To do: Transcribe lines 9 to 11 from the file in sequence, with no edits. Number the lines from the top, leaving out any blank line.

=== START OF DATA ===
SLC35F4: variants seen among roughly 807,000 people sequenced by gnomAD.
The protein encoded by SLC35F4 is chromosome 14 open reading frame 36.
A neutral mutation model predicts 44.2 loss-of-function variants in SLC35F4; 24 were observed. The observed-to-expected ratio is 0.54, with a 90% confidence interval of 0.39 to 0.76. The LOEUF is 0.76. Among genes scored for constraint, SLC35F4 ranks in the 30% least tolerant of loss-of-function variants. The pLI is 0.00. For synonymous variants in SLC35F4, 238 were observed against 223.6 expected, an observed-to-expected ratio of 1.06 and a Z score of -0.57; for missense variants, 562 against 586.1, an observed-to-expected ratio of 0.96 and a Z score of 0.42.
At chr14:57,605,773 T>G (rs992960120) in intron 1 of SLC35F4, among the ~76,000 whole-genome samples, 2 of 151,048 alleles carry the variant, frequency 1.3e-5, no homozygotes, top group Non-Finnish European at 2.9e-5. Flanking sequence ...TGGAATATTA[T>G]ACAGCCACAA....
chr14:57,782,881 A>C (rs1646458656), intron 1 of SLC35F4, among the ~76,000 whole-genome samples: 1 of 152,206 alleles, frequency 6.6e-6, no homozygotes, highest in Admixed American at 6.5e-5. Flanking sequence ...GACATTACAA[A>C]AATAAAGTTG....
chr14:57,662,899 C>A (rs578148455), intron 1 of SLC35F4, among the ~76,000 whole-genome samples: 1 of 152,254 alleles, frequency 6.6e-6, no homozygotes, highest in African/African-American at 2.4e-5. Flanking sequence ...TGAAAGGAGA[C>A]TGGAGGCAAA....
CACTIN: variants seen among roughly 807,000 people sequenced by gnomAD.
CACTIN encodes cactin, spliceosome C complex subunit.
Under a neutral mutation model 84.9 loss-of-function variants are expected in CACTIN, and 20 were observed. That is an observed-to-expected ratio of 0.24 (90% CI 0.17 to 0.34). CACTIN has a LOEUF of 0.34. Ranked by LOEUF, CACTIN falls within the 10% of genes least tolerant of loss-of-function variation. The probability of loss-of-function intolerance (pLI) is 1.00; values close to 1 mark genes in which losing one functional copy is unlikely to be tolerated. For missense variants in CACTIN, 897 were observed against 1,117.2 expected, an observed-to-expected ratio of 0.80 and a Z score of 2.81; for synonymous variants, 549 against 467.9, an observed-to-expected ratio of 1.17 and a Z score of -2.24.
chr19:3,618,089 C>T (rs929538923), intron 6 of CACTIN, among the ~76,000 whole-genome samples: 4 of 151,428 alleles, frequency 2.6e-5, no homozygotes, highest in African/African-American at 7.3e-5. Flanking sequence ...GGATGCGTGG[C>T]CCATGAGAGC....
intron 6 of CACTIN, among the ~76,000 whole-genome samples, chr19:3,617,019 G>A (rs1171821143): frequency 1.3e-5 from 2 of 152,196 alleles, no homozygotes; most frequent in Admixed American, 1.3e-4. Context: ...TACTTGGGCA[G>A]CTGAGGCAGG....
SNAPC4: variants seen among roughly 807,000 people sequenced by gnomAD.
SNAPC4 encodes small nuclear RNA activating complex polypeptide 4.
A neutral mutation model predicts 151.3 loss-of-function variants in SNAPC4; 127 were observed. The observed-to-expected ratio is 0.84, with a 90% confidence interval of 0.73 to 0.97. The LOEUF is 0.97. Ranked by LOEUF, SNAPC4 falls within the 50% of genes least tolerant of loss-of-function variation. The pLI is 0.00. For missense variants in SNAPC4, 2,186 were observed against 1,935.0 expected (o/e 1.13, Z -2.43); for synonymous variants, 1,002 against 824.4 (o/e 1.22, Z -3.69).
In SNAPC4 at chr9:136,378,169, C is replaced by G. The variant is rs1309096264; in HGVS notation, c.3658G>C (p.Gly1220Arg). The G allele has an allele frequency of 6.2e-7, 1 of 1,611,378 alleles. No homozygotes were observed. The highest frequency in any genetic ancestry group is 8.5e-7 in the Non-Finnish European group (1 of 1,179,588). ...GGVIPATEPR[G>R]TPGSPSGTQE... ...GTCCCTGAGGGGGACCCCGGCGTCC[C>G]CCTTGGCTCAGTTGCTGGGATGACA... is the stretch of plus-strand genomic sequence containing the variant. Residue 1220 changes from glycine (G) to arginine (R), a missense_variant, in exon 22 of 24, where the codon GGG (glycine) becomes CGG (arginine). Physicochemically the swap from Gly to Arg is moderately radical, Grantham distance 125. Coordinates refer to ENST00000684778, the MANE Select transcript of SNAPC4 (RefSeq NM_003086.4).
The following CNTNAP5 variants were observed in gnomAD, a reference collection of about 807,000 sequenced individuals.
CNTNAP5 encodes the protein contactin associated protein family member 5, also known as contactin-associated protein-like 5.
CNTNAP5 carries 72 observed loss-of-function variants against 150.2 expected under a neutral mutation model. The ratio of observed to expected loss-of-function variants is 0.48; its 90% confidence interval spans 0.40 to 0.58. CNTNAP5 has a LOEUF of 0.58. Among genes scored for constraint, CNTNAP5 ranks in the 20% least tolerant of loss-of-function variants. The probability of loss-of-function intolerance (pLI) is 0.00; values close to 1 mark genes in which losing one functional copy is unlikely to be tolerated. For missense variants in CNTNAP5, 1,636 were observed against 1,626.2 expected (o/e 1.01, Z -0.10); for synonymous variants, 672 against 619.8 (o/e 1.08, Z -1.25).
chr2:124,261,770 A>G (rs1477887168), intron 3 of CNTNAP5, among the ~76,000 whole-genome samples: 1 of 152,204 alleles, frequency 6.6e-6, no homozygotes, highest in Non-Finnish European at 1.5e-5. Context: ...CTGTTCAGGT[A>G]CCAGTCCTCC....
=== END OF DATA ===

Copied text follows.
Under a neutral mutation model 84.9 loss-of-function variants are expected in CACTIN, and 20 were observed. That is an observed-to-expected ratio of 0.24 (90% CI 0.17 to 0.34). CACTIN has a LOEUF of 0.34. Ranked by LOEUF, CACTIN falls within the 10% of genes least tolerant of loss-of-function variation. The probability of loss-of-function intolerance (pLI) is 1.00; values close to 1 mark genes in which losing one functional copy is unlikely to be tolerated. For missense variants in CACTIN, 897 were observed against 1,117.2 expected, an observed-to-expected ratio of 0.80 and a Z score of 2.81; for synonymous variants, 549 against 467.9, an observed-to-expected ratio of 1.17 and a Z score of -2.24.
chr19:3,618,089 C>T (rs929538923), intron 6 of CACTIN, among the ~76,000 whole-genome samples: 4 of 151,428 alleles, frequency 2.6e-5, no homozygotes, highest in African/African-American at 7.3e-5. Flanking sequence ...GGATGCGTGG[C>T]CCATGAGAGC....
intron 6 of CACTIN, among the ~76,000 whole-genome samples, chr19:3,617,019 G>A (rs1171821143): frequency 1.3e-5 from 2 of 152,196 alleles, no homozygotes; most frequent in Admixed American, 1.3e-4. Context: ...TACTTGGGCA[G>A]CTGAGGCAGG....